Seventy years before Elton John's “The Circle of Life” graced The Lion King, Leoš Janáček celebrated nature's cycle in The Cunning Little Vixen. His inspiration was drawn from a comic strip in the newspaper Lidové noviny, depicting the adventures of Vixen Sharp-Ears outwitting the forester. Yet the opera grapples with thorny issues of death and renewal which a cutesy Disney staging can diminish. Melly Still, returning to revive her 2012 staging at Glyndebourne, lays nature bare. Cartoonish, but never sentimental, it presents Vixen red in tooth and claw, contrasting the animals' freedom of spirit with the humans' resignation about ageing.

At the centre of Tom Pye's steeply raked set is a rickety tree, helping chart the turning of the seasons. Beyond this tree is a winding path doubling as a burrow down which dancers (substituting for singers) abseil to give what appears to the audience as an aerial view, with its clever skewing of perspective. Costumes are unsentimental to the point that you’d be hard pushed, in some cases, to identify the animals being represented.

Vixen, like her mother (played by a dancer here), is a free spirit dressed in hippy clothes and flame-haired dreadlocks. Vixen and her Fox carry their brushes, using them as expressive extensions of their characters and the dancers, especially the dragonflies, make full use of the set’s vertiginous rake. The dog is a scruffy layabout, the chickens are repressed brothel workers clucking around a Napoleonic cockerel, and the mosquito carries a large syringe. Paule Constable’s lighting is effective, especially the scene where fireflies are whirring and the verdant scene bristles to life.

The action has a vibrant, almost raucous quality. The knockabout action and profusion of blood, such as the carnage Vixen causes in the hen coop (resulting in a crass ‘headless chicken’ gag) doesn’t always sit well against Janacek’s magical score and the stage occasionally has a cluttered feel. Key moments such as the shooting of Vixen are well handled and the menagerie of children involved are well marshalled. The director has made a few revisions for this revival. In “Vixen's Dream”, for example, there are fewer dancer doubles and Elena Tsallagova (Sharp-Ears) even becomes involved, caught in a tender clinch with the Forester before being supported in a neatly turned somersault. It has a tighter, coherent feel and is aided by stronger casting second time around.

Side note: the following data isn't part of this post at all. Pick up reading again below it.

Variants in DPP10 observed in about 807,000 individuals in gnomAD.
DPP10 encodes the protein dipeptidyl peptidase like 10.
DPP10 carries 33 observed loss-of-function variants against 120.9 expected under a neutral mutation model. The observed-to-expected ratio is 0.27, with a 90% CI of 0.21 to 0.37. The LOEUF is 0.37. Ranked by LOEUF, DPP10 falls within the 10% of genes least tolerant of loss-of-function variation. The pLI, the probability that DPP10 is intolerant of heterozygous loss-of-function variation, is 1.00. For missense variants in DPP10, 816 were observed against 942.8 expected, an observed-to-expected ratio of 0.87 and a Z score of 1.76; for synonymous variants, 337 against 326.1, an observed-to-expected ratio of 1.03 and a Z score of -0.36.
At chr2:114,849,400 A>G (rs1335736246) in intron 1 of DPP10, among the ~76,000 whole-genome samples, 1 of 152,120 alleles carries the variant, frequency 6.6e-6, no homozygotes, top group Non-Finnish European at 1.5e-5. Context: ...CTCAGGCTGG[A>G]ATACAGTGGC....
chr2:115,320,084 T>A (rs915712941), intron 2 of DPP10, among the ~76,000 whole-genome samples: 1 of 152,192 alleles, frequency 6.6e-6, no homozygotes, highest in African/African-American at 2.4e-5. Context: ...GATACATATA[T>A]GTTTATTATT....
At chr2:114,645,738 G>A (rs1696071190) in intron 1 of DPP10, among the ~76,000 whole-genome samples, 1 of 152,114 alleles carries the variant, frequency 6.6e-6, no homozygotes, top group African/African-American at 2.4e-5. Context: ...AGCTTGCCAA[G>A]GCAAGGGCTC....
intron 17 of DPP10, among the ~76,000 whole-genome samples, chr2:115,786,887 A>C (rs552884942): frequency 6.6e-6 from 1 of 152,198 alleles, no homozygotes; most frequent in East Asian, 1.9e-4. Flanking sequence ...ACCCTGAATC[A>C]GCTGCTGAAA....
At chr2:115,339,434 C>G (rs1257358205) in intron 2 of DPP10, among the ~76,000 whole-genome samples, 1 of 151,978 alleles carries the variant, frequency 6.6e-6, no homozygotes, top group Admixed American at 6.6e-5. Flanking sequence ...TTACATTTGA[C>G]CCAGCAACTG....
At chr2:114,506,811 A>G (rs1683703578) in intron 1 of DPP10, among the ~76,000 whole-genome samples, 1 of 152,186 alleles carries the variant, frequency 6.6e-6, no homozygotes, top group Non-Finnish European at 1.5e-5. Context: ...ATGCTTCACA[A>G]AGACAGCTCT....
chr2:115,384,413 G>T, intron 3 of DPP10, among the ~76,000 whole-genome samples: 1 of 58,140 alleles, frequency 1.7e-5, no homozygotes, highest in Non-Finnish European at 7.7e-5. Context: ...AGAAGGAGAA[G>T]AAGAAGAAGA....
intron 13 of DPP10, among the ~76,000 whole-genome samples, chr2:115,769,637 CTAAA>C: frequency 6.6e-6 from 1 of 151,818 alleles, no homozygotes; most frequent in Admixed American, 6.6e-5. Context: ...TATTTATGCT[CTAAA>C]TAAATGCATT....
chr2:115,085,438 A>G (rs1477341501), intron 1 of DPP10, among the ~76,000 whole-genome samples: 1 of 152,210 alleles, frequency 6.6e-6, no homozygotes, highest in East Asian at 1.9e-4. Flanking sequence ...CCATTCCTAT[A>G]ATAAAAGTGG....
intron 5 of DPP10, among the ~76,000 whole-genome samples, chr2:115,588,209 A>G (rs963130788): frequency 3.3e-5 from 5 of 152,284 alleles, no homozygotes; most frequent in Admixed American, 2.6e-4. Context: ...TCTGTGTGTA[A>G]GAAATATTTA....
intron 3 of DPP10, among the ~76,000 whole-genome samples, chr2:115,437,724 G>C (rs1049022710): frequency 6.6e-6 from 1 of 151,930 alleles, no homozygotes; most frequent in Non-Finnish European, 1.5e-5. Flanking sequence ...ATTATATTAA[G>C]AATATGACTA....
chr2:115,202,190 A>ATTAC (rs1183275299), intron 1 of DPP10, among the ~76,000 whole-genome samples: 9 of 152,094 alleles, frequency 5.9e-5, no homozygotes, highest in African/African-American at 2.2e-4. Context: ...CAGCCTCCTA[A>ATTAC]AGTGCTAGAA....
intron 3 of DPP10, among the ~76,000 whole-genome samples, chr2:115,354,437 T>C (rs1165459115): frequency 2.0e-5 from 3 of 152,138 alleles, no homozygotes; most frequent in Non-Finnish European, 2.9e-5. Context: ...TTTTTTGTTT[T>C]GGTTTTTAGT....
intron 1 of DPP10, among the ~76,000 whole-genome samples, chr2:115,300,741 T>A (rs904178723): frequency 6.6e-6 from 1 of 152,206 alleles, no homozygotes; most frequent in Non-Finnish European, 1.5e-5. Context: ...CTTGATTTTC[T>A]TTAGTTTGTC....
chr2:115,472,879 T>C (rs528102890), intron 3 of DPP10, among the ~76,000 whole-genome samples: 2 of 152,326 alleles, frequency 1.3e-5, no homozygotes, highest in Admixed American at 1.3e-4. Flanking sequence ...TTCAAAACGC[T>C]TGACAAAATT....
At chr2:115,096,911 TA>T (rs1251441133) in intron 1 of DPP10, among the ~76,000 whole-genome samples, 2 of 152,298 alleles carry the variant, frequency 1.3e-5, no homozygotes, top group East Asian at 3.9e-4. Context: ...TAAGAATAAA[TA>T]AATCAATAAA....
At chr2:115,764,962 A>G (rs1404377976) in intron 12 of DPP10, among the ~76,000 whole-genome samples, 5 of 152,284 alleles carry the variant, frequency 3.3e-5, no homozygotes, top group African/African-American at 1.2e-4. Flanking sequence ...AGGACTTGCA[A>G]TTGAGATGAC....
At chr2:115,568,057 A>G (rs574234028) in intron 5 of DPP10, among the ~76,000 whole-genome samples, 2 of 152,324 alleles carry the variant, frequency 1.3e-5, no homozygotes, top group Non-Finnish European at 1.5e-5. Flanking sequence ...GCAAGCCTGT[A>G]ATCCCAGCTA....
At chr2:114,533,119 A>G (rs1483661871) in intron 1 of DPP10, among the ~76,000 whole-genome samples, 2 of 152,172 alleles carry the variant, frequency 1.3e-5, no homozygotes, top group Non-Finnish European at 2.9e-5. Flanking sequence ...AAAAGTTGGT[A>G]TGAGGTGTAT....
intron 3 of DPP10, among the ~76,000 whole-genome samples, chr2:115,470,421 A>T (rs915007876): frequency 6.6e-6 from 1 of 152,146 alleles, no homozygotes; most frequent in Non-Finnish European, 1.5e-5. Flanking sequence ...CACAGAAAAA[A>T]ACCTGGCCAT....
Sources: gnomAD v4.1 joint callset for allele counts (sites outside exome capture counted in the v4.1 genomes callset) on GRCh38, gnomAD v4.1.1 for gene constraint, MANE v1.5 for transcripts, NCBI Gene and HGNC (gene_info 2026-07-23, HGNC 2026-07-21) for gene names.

Tsallagova is a sassy, pert Vixen. There was a twinkle in her expressive eyes during her first encounter with Alžběta Poláčková's swaggering Fox and her bell-like soprano chimed confidently. Poláčková herself regularly sings Vixen in Prague, and the two sopranos intertwined vocal lines most beautifully in their vulpine love duet. Christopher Purves was an effectively gruff and grumpy Forester, although I rather missed Sergei Leiferkus' flinty baritone here. Purves captured the Forester’s epiphany at the opera’s pantheistic close most beautifully, his dancer double 'spirit' taking leave of his body to ascend the winding burrow.

The roles of the Parson/ Badger and the Schoolmaster/ Mosquito, as often, are doubled. Alexander Vassiliev was slightly underpowered as the Badger, with Rasputin locks and beard, but Colin Judson made for a touching, lovelorn Schoolmaster, especially in the penultimate scene, his regret at losing Terynka to the poacher Harasta rather poignant. His Schoolmaster looks a little like the elderly Janáček himself and this brings his relationship with the Vixen and Terynka into focus, given the composer's infatuation with Kamilla Stösslová. Minor roles were confidently taken, especially Martha Fontanals-Simmons as a plum-toned, flea-infested Dog.

Young Czech conductor Jakub Hrůša lovingly coaxed every growl, chirrup and rustle from Janáček's shimmering score, the London Philharmonic Orchestra on pearly form. Foxes scamper beyond the ha-ha at Glyndebourne, delighting picnickers. For earthier foxy action, Still's Vixen revival hits the spot.